Location: Lakeside 214, Moseley Center

Revealing the Faces and Small Spaces of the NCCCAA
The North Carolina Community College Archives Association (NCCCAA) is a growing consort of institutions looking to preserve the history of Community Colleges in the state. This presentation will compare the beginning of the NCCCAA versus where many of the institutions are now. It will also address the collaborative process undertaken between the state, colleges, universities and the NCCCAA. We are an organization of Lone Arrangers and we would like to share our story with you.

Speakers:
Erin Allsop, Archivist, Central Piedmont Community College
W. Clark Adams, English and Communications Instructor, Randolph Community College
Stephanie Johnson, Instruction Librarian and Archivist, Fayetteville Technical Community College

Raising Archival Awareness in a Regional Studies Organization: The Appalachian Studies Case
This presentation describes how archivists led efforts to create a Special Collections Committee in the Appalachian Studies Association, as well as the Appalachian Curator, a newsletter highlighting the variety of archival collections in southern Appalachia. The Special Collections Committee was created to explore historical and current initiatives and programs and provide a forum for news and information about Appalachian archives. These efforts provide a model for increasing archival awareness in interdisciplinary or regional professional organizations.

Speakers:
Gene Hyde, Head of Special Collections and University Archivist, UNC Asheville
Liz Skene Harper, Special and Digital Collections Librarian, Western Carolina University

3:00-4:15 p.m.

Concurrent Sessions

SESSION 3A: Panel Session
Location: Lakeside 212, Moseley Center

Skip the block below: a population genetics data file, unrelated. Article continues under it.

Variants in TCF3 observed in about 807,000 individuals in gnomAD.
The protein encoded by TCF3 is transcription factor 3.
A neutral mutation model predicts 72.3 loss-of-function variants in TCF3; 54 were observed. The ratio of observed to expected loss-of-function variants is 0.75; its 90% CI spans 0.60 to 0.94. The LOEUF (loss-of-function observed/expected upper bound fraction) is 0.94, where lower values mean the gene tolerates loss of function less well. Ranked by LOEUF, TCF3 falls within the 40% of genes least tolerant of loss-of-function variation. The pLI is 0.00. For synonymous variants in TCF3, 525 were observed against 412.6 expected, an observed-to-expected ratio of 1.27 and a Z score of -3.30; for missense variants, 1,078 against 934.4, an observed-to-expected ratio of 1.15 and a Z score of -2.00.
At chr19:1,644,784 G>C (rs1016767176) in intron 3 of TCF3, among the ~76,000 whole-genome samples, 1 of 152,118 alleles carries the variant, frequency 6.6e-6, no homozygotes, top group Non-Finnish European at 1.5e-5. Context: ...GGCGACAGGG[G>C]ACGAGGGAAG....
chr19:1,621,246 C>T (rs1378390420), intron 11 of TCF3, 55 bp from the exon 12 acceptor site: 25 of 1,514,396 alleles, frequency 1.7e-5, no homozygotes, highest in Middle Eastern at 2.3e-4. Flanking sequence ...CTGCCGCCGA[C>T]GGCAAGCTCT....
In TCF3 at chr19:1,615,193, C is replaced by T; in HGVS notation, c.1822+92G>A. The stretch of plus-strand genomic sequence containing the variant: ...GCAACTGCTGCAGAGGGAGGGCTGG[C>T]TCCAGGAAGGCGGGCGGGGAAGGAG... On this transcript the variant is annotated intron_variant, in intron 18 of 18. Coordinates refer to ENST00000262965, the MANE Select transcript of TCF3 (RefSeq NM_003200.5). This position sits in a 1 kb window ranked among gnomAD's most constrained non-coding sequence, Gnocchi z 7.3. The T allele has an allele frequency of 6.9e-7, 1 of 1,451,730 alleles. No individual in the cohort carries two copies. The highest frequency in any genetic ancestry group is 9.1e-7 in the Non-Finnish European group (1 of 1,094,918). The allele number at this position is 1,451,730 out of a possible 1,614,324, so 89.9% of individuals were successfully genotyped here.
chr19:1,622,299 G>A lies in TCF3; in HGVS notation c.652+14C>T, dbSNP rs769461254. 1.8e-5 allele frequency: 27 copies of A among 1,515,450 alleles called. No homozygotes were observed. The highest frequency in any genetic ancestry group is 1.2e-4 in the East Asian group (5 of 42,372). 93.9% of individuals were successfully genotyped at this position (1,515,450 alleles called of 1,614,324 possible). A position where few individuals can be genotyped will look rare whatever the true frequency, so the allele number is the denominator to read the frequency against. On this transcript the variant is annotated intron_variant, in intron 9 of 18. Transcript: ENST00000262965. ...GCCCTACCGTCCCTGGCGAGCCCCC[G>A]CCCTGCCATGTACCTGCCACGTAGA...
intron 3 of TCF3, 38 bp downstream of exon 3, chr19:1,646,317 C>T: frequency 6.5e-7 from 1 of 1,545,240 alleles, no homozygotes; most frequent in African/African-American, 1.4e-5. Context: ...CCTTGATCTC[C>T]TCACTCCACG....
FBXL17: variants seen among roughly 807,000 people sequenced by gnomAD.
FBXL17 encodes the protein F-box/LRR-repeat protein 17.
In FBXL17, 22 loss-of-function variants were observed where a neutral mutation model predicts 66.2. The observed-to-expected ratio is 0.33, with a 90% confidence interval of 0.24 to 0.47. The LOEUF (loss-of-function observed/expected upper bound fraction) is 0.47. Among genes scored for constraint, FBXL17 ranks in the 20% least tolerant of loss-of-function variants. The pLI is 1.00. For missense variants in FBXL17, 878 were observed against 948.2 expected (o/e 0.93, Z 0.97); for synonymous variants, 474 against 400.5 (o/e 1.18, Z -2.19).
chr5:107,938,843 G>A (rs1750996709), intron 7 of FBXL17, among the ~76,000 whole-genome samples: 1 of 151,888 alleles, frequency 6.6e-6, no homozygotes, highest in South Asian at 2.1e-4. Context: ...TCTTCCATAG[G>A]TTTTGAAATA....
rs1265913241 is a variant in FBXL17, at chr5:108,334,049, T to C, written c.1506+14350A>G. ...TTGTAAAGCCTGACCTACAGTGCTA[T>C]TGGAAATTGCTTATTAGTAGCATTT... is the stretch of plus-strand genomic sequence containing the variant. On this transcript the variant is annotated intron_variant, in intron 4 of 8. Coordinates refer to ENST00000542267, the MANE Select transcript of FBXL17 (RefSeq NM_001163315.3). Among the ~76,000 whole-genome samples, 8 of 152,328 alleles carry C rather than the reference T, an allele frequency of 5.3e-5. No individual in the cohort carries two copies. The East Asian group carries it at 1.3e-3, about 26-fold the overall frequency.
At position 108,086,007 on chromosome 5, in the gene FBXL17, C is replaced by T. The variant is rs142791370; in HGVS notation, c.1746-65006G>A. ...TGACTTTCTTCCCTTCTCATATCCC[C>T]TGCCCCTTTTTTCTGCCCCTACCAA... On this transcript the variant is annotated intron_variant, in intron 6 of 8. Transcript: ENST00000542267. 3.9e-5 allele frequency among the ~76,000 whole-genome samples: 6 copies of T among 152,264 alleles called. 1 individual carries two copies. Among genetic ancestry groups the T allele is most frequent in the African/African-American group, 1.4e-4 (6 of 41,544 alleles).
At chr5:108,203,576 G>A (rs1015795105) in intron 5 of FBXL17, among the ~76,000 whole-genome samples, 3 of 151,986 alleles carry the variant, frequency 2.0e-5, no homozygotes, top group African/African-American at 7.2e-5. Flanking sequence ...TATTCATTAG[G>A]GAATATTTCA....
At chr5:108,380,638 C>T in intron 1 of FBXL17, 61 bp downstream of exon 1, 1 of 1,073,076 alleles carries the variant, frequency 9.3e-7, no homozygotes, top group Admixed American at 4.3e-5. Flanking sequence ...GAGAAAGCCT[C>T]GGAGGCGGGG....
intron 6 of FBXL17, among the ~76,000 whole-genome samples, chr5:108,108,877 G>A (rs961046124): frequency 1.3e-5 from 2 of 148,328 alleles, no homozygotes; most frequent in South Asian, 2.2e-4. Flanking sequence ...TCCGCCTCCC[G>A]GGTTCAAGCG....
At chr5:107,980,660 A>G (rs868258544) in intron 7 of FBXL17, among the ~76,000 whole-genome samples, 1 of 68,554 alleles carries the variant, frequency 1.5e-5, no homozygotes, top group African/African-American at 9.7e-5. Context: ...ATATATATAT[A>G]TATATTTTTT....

Constructing a Purposeful Environment: High-Impact Practices and Student Experiential Learning
This presentation will consider how archives can improve student experiential learning through the lens of high-impact practices, and internships in particular. Presenters will examine the educational concepts behind these practices and explore important elements that make an internship high-impact. Drawing from their own experience, UNC-Wilmington Special Collections staff will discuss how they are transforming the student assistant position, improving repository workflows, and demonstrating value beyond the walls of the repository.

Speakers:
Rebecca Baugnon, Special Collections Librarian, UNC-Wilmington
Nicole Yatsonsky, Special Collections Library Specialist, UNC-Wilmington

Good Pirating: ECU Adds Value to Student Work Experiences
Libraries and archives have always relied heavily on student labor to keep the gears grinding. Frequently this has resulted in students doing menial and/or tedious tasks. While these are sometimes necessary, in ECU Special Collections we are intentionally working to increase opportunities for employment and internships to be more meaningful for students. This panel will discuss our efforts to add value to their work experiences while also ensuring the division’s needs are met.